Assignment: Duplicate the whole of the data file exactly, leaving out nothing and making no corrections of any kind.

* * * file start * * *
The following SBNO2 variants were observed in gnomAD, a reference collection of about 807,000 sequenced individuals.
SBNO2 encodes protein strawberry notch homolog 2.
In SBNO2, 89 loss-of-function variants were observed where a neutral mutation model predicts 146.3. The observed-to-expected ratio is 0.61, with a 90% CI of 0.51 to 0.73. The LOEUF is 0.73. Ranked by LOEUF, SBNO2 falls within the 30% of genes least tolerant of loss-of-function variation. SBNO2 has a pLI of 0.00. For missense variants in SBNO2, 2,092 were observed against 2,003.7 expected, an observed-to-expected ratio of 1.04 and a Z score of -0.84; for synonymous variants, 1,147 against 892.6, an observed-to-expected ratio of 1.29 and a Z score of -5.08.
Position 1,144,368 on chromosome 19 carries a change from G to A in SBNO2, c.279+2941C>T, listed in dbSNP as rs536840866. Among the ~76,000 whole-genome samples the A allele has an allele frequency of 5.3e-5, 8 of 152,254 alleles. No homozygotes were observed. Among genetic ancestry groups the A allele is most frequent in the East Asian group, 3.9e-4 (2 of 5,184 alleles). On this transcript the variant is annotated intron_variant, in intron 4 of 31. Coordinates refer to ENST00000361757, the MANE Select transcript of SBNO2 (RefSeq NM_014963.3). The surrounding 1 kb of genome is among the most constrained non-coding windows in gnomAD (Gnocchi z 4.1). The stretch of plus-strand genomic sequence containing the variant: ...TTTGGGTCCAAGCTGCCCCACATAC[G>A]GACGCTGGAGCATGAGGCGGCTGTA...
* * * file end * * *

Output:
The following SBNO2 variants were observed in gnomAD, a reference collection of about 807,000 sequenced individuals.
SBNO2 encodes protein strawberry notch homolog 2.
In SBNO2, 89 loss-of-function variants were observed where a neutral mutation model predicts 146.3. The observed-to-expected ratio is 0.61, with a 90% CI of 0.51 to 0.73. The LOEUF is 0.73. Ranked by LOEUF, SBNO2 falls within the 30% of genes least tolerant of loss-of-function variation. SBNO2 has a pLI of 0.00. For missense variants in SBNO2, 2,092 were observed against 2,003.7 expected, an observed-to-expected ratio of 1.04 and a Z score of -0.84; for synonymous variants, 1,147 against 892.6, an observed-to-expected ratio of 1.29 and a Z score of -5.08.
Position 1,144,368 on chromosome 19 carries a change from G to A in SBNO2, c.279+2941C>T, listed in dbSNP as rs536840866. Among the ~76,000 whole-genome samples the A allele has an allele frequency of 5.3e-5, 8 of 152,254 alleles. No homozygotes were observed. Among genetic ancestry groups the A allele is most frequent in the East Asian group, 3.9e-4 (2 of 5,184 alleles). On this transcript the variant is annotated intron_variant, in intron 4 of 31. Coordinates refer to ENST00000361757, the MANE Select transcript of SBNO2 (RefSeq NM_014963.3). The surrounding 1 kb of genome is among the most constrained non-coding windows in gnomAD (Gnocchi z 4.1). The stretch of plus-strand genomic sequence containing the variant: ...TTTGGGTCCAAGCTGCCCCACATAC[G>A]GACGCTGGAGCATGAGGCGGCTGTA...